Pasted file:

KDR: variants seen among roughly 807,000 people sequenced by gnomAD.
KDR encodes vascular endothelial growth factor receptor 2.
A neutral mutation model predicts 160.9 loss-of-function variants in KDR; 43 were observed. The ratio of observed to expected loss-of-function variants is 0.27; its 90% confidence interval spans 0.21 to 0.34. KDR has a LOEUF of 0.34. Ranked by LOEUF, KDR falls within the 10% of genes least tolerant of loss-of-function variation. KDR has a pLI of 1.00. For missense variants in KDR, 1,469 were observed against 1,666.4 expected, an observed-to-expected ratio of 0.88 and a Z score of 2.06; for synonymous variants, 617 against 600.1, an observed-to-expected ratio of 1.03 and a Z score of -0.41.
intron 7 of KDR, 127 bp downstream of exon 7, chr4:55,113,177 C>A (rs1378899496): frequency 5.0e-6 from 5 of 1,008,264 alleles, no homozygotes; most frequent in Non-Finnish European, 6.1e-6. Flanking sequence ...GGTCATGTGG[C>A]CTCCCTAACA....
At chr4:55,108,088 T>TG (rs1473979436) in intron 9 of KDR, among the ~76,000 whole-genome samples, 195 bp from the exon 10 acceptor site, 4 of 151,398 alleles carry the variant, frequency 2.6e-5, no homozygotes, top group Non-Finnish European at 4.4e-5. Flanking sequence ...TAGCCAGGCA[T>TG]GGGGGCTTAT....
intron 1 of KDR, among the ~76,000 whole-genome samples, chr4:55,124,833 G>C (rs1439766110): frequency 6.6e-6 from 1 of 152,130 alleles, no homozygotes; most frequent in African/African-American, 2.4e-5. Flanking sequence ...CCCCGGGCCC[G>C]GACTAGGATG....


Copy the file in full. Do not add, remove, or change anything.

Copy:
KDR: variants seen among roughly 807,000 people sequenced by gnomAD.
KDR encodes vascular endothelial growth factor receptor 2.
A neutral mutation model predicts 160.9 loss-of-function variants in KDR; 43 were observed. The ratio of observed to expected loss-of-function variants is 0.27; its 90% confidence interval spans 0.21 to 0.34. KDR has a LOEUF of 0.34. Ranked by LOEUF, KDR falls within the 10% of genes least tolerant of loss-of-function variation. KDR has a pLI of 1.00. For missense variants in KDR, 1,469 were observed against 1,666.4 expected, an observed-to-expected ratio of 0.88 and a Z score of 2.06; for synonymous variants, 617 against 600.1, an observed-to-expected ratio of 1.03 and a Z score of -0.41.
intron 7 of KDR, 127 bp downstream of exon 7, chr4:55,113,177 C>A (rs1378899496): frequency 5.0e-6 from 5 of 1,008,264 alleles, no homozygotes; most frequent in Non-Finnish European, 6.1e-6. Flanking sequence ...GGTCATGTGG[C>A]CTCCCTAACA....
At chr4:55,108,088 T>TG (rs1473979436) in intron 9 of KDR, among the ~76,000 whole-genome samples, 195 bp from the exon 10 acceptor site, 4 of 151,398 alleles carry the variant, frequency 2.6e-5, no homozygotes, top group Non-Finnish European at 4.4e-5. Flanking sequence ...TAGCCAGGCA[T>TG]GGGGGCTTAT....
intron 1 of KDR, among the ~76,000 whole-genome samples, chr4:55,124,833 G>C (rs1439766110): frequency 6.6e-6 from 1 of 152,130 alleles, no homozygotes; most frequent in African/African-American, 2.4e-5. Flanking sequence ...CCCCGGGCCC[G>C]GACTAGGATG....